Q&A with Carrie Brickell: The woman responsible for WIT’s awesome new look
WIT launched a new website and visual rebrand a little over a year ago. To achieve a striking new look for WIT, the team at the General Design Company led by Soung Wiser got to know WIT by coming to shows, attending Improv for All workshops, and meeting extensively with WIT staff. Since the brand launch, designer Carrie Brickell has been in charge of creating new looks for each of WIT’s shows including FIST, WIT Attacks!, Seasonal Disorder, and Harold Night. We got to talk to Carrie about taking WIT on as a client and how she approached us as a project.
What first got you started working in design?
Growing up, I always wanted to be an artist. In college, I always wanted to eat. A career in graphic design is a rare opportunity to do both!
In all seriousness, when I was deciding on a major, I was torn between graphic design and German. I think I just like to communicate.
You helped WIT in our re-branding recently, what was this process like for you? Tell us about the finished product and how you got there.
WIT’s rebrand was easily one of my favorite projects. None of us knew the first thing about longform improv and the more we learned, the more we realized you guys are totally bonkers. There are so many moving parts, unexpected changes and variables to what you do. Keeping the identity flexible was key.
The logo itself had to play nicely with the design of every future show, program and class while still communicating the unconventional energy of WIT. In other words, it had to be low-key quirky.
Our solution was a series of overlapping color-coded circles, each representing one branch of the organization (shows, classes and WIT@Work). A nice reference to the spotlight without hitting you over the head with it. We also ended up with a sans serif typeface that is clean and friendly, but just a bit weird. Just like WIT.
Along the way, we had a great rapport. We presented the shuffling anagram concept very early on without a clear plan for it. Instead of being confused and alarmed by this, the WIT folks embraced it and now it lives on the home page for everyone to enjoy. [Ed note: Never seen our anagram shuffler before? Head to the homepage and click the “shuffle” button under our name.]
That kind of trust and willingness to let us run with something has been a huge part of what makes this branding project so enjoyable.
You’ve worked on a bunch of visual identities for WIT’s shows. Which ones make you the most proud?
I loved doing the window graphics for WIT ATTACKS! The ensembles were doing such high-concept stuff, like a show based off of Hitchcock’s Rear Window. My job was to marry this b-horror movie aesthetic with the actual concepts for the shows. As a result, they turned out a little more interpretive than usual.
For example, NOX! was doing a show about the five stages of grief, so each ensemble member made a gesture and facial expression personifying one of the steps and I scribbled a number (one through five) in pen over their heads.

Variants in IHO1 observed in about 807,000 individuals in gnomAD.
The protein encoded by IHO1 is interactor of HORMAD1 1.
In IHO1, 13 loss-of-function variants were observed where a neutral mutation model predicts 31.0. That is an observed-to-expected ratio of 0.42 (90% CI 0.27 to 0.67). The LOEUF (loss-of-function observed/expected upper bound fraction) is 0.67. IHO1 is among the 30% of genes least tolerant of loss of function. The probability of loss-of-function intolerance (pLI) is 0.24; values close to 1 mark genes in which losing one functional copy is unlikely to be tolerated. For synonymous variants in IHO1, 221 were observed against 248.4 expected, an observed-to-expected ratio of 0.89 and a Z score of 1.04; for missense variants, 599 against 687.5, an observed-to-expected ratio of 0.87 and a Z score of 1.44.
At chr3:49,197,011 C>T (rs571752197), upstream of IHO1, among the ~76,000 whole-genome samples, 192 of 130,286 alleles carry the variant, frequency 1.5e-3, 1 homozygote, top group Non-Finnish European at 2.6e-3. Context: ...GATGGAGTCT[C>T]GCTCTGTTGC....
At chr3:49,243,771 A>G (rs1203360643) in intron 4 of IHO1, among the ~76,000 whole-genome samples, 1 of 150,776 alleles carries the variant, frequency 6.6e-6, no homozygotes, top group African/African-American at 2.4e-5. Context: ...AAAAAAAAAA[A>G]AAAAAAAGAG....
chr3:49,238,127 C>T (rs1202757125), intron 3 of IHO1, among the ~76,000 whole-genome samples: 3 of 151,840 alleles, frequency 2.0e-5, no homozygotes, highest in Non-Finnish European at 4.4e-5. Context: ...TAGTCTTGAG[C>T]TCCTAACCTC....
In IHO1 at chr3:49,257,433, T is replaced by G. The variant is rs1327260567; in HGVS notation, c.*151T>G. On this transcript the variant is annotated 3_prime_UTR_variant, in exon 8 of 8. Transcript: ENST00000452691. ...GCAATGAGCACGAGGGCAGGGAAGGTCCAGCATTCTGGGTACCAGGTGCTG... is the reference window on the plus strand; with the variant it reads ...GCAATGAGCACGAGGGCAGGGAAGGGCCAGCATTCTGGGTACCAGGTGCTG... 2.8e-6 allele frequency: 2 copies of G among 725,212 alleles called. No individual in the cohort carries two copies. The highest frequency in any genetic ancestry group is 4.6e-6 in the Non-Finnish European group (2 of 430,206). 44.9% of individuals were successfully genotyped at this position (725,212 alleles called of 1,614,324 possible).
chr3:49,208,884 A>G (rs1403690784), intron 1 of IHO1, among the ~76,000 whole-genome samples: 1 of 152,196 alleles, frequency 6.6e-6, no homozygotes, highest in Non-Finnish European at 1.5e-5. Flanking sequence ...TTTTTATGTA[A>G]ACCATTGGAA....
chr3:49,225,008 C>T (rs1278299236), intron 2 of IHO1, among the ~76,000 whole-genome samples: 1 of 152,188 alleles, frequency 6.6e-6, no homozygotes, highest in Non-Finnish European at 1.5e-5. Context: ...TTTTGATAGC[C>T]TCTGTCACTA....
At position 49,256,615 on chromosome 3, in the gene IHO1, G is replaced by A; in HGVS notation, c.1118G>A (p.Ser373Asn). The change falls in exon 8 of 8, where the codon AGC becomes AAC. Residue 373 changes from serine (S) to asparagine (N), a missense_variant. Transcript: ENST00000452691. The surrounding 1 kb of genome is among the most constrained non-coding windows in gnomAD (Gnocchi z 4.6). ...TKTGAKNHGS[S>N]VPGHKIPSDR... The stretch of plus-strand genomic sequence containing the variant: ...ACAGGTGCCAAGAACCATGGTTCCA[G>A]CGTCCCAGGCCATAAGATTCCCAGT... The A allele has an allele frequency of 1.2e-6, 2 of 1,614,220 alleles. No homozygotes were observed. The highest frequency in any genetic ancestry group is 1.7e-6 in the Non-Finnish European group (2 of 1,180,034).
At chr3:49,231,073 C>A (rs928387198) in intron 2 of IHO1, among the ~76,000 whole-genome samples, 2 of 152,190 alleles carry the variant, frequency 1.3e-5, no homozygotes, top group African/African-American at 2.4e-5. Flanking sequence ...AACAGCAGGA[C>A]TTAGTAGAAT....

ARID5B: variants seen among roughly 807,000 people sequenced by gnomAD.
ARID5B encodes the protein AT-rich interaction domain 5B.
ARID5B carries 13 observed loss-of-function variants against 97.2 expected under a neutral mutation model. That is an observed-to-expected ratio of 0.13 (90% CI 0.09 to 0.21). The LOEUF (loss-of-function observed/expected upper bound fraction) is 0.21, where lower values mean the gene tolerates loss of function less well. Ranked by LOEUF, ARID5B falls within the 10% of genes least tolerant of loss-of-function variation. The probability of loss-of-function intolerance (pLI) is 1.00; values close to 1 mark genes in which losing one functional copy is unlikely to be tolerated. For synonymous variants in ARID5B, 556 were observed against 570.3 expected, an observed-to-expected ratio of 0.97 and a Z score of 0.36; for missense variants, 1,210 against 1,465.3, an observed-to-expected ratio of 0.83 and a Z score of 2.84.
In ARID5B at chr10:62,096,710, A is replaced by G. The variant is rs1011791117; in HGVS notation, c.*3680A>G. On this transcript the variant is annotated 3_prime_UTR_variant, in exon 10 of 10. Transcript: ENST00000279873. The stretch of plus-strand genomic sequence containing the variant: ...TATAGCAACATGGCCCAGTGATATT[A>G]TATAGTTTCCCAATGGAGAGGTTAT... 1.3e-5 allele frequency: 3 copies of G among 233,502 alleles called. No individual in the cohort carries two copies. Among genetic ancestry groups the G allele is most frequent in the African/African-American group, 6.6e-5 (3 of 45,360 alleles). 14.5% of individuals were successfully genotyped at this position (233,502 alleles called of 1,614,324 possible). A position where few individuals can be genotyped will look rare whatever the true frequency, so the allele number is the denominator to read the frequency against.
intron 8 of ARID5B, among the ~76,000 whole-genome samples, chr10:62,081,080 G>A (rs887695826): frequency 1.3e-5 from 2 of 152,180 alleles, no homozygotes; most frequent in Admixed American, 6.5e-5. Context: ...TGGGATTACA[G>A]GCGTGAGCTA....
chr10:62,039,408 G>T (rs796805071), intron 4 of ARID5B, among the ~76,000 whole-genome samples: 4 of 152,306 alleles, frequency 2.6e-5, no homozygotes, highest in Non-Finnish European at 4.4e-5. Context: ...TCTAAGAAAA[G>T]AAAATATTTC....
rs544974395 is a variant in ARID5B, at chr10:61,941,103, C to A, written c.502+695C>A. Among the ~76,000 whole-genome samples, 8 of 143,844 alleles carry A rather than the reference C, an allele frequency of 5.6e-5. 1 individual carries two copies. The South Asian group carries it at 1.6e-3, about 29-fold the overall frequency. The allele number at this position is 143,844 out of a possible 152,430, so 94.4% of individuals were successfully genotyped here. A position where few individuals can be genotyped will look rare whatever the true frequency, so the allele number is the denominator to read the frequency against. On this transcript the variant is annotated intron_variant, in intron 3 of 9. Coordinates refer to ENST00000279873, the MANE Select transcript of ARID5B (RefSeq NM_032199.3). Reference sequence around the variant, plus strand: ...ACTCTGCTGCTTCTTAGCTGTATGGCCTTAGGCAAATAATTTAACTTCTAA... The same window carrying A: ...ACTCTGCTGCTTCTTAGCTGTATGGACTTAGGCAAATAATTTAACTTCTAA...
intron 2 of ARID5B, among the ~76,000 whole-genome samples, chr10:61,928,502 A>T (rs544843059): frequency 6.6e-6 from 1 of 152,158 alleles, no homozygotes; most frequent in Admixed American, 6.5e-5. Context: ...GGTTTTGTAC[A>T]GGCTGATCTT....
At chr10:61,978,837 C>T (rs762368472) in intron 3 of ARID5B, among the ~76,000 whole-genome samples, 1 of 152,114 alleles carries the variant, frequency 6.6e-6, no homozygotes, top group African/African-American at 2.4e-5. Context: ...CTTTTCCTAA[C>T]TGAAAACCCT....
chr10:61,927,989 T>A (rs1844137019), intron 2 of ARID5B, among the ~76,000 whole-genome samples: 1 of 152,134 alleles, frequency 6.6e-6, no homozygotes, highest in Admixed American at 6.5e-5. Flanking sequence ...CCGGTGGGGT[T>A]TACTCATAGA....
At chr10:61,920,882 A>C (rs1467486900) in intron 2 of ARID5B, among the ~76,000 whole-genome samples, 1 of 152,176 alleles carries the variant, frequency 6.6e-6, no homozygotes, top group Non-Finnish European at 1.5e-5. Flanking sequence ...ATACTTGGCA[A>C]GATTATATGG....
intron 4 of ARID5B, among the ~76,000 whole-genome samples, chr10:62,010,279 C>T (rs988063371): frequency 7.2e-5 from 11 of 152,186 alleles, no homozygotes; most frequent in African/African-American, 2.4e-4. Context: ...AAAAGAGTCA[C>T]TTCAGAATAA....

So the windows came out looking great and also had some clever meanings behind them if you went to see the show. It’s rare that I get to do something so esoteric, so it was a great project for me.
What has surprised you working with WIT? Are there any qualities that you see design and improv having in common?
I’ve been most impressed with how proficient the WIT staff is with design files. I can hand off design tools and all kinds of magic happens.
For example, we delivered the FIST 2015 logo and WIT’s internal team got it embroidered onto red sweatband cuffs. There was even a cardboard cutout in the lobby for audience members to pose with. I’d love to say I had something to do with that, but it wasn’t me!
As for design how design relates to improv, I’d say teamwork and supporting each other is key. We do our best work when we build off of each other’s ideas instead of rejecting them outright on the grounds that those ideas would be too challenging.
We back each other up in client meetings and help articulate our shared vision. Being in front of a client is like being in front of an audience, so it’s important that we have confidence in each other.
Since you started working with WIT, you’ve seen a ton of shows. Which ones have you enjoyed the most?
As a feminist and a human person who likes to laugh, The October Issue really stood out to me. During the branding phase, Jaci Pulice was clear that this was to be a loving homage to the women’s magazine industry, not a parody, and I think that showed in their delivery.
They invited prominent women in DC from all different industries to be guests for an on-stage interview, which was very cool. They also managed to be funny about the contents of one woman’s clutch wallet for something like half an hour. Not even a purse. Do you have any idea how small a clutch is? Not a lot to work with. It was masterful.
What was the last thing that made you laugh out loud?
Off the top of my head, I am going to guess it was a tweet by Kanye West. That man is so wacky and the response to his wackiness makes it even better.
As a medium, the jokes on Twitter happen at lightning speed and with so few words. These people are fast and clever. It’s such a great place to go to watch a meme unfold in real time.
So much of the internet is hostile and depressing, but watching people on Twitter just trying to make each other laugh makes me want to hug my screen.
Read more about WIT’s rebrand on Carrie’s website.
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